Time to catch up on yet more coverage of Damsels in Distress. I’ve skipped most of the reviews this time around as they’re becoming increasingly brief and repetitive. Most recent reviewers either find the film has good moments but they find it all a bit too fake or wordy, or else they love it, with a caveat or two (often the plot or, as they see it, lack of one).Let’s take a deep breath and kick off with a review from Felicia Feaster at Charleston City Paper that gives the movie two thumbs down, and a criticism I haven’t seen before:
Slight to the point of banality, Damsels in Distress is a fey stab at screwball that comes off as mind-numbingly precious and dull as dirt. Is this really the movie a 60-year-old preppy who should be playing golf decides to entertain himself with after a 13-year hiatus? Clearly still convinced that his college days were the best years of his life, Stillman traffics in the same stunted, adolescent imagination as the Gidget movies and offers the unpleasant, deeply unflattering sight of a grown man moony over the springtime loveliness of girls less than half his age. It’s like a creepy uncle rubbernecking on the activities of kids.
Well, everyone sees something different I guess. Eric Hynes in the Riverfront Times is more upbeat, and open to the ambiguities in the film:
Four features in, Whit Stillman’s cinematic sensibility is both plain as day and hard to pin down. In a Stillman film, a lost gentility is regularly romanticized but rarely ever properly defined, let alone reacquired. Rules are fetishized for the implication, if not the realization, of order. And in this, his most plainly satirical film that is also arguably his least cynical, a bunch of aspiring conformists reliably do the most abnormal of things — sniff bars of soap, conjugate the plural of doofus, choreograph the sambola. Dancing breaks out in all of Stillman’s films and usually just because. All the cardigans and brass-buttoned blazers in the world can’t cloak that kind of eccentricity.
In the Morning Sentinel, J.P. Devine (“a former stage and screen actor”) has an idea for what could be next:
Stillman’s dialogue is smart and sassy, but poorly delivered by a generation of young actors who think no one else is listening. The film takes too much time to get going, and beneath the snappy funny lines, there is an undertow of darkness that flows around Violet, and even in the finale when she channels Ginger Rogers, we wonder what post-college life holds for her.
That’s a movie I’d like to see.
At Indy Week David Fellerath draws an interesting distinction between being concerned with race and, maybe, class, in a broad sense:
…like [Woody] Allen, [Stillman's] not above dropping sight gags and one-liners for the sake of a guffaw. But with this film, we see an important difference: Allen’s movie world is notorious for its lack of non-white people. Black characters are conspicuous throughout Damsels in Distress. Stillman’s use of black actors, laudable in itself, also pre-empts a common misreading of his work as a fetishizing of rich Caucasians. Instead, his real concern is with sensibility and taste, of refinement in manner and intellect; the full name of his heroine, Violet Wister, suggests delicacy and nostalgic yearning. We may live in a fallen world, but the return of Whit Stillman to movie theaters gives us cause for hope.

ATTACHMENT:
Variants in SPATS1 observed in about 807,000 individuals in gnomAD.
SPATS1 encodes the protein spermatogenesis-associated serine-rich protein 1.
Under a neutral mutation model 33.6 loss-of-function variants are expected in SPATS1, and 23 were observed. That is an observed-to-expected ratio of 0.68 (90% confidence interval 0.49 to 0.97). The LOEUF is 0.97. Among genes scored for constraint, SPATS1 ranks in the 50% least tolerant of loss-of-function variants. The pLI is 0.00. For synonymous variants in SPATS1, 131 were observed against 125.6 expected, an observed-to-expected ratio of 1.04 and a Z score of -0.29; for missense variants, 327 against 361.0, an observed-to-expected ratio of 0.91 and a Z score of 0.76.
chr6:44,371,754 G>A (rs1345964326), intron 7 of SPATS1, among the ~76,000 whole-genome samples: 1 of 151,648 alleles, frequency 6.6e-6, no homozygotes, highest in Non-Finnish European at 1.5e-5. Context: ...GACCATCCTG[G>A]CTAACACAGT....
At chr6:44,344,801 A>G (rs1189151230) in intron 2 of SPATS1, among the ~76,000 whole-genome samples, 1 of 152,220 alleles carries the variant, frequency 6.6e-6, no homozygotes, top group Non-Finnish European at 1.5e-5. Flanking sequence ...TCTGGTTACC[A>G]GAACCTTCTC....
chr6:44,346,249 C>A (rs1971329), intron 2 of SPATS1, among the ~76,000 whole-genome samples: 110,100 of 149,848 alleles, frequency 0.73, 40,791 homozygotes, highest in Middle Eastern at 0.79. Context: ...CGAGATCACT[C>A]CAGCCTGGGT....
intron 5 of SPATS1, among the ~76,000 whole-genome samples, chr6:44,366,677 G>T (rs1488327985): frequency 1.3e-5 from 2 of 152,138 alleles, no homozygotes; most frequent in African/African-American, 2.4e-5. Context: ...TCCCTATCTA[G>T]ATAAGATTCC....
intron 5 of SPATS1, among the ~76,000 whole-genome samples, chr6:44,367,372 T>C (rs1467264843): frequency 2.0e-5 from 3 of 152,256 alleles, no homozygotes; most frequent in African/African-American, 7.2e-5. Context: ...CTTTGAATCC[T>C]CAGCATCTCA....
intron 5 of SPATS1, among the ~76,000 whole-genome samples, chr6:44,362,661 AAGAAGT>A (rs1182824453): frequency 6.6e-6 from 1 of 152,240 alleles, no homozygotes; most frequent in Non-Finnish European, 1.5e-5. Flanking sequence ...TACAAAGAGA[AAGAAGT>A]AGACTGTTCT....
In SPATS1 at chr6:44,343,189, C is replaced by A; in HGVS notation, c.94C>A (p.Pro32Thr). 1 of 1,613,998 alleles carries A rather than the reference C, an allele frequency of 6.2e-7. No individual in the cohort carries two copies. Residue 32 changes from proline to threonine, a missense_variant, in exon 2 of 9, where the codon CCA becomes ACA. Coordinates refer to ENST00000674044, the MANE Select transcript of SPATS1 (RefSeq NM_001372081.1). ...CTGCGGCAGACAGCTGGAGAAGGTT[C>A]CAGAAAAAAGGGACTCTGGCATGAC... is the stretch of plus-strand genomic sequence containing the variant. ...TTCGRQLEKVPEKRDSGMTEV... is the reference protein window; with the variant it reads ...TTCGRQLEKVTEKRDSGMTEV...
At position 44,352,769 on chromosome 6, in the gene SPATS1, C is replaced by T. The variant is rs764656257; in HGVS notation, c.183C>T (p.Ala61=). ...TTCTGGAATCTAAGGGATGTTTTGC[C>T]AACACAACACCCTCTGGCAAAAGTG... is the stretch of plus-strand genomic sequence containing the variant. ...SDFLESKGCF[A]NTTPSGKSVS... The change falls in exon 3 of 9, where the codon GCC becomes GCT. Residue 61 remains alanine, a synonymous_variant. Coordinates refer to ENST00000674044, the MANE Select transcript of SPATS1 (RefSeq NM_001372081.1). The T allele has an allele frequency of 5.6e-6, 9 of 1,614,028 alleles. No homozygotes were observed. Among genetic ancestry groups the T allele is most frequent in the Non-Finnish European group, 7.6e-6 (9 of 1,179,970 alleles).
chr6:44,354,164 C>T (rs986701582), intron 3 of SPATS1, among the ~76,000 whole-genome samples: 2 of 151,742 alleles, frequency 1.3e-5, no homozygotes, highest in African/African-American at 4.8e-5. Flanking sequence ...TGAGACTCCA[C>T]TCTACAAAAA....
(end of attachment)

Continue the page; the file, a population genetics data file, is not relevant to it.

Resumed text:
Stephen Cooke at the Chronicle Herald briefly interviews Stillman, who outlines one of the themes that interests him, but which, I fear, is lost on most reviewers:
“Some people have been so incredibly square about the film, like they can’t enjoy the comedy because the subject matter sounds dumb when they read it on the page. To say that someone doesn’t know all the colours when they get to college sounds dumb is irrelevant, because it’s what happens to the subject matter that’s important.
“What’s cool is how the colour theme just grows, and you get into all of these things, like people who are really just unbelievably stupid, but do well because they’re scholarly and dedicated academically.
“Frankly, I ran into that quite a bit, people who are deadly serious about academics, but didn’t have a clue about the world.”
At We Are Movie Geeks, Barbie Snitzer has a lengthy article about Damsels. A self-confessed “snob (not a cynic)”, who manages to come across as relentlessly cynical. She seems confused by the movie, particularly by the lack of cell phones and computers. She paints Stillman as a deluded old man who thinks he has something to say because he was once a successful director. I just don’t know.
Finally, we have a post from Jason Busch at Spend Matters who sees some lessons for the workplace in Stillman’s movies, and particularly the verbose manner in which his characters speak:
[Stillman] can take the seemingly trivial and weave an extremely compelling exchange around it. And he does it, again and again and again, such that the broader plot matters almost less than the individual stories that push it along.
When modern conversations are shrinking into increasingly brief tweets, we should take our time to explain things properly:
I believe good dialogue matters when it comes to everything around us. But increasingly, it’s a rarity. Perhaps we can all do our small part to change that, not being afraid to foster an environment and workspaces where depth and exploration is valued over the dumbing down of ideas, not for the sake of simplicity alone, but because of an intellectually laziness that feels more and more common in an age of information and analysis where we consume more than ever but rarely take the time to digest at the level we should — or argue back with the right zinger just for the sake of putting our colleagues into an intellectual pickle from which they must untangle to prove their worth (and the worth of their ideas).
And that’s all for now. Have a good week!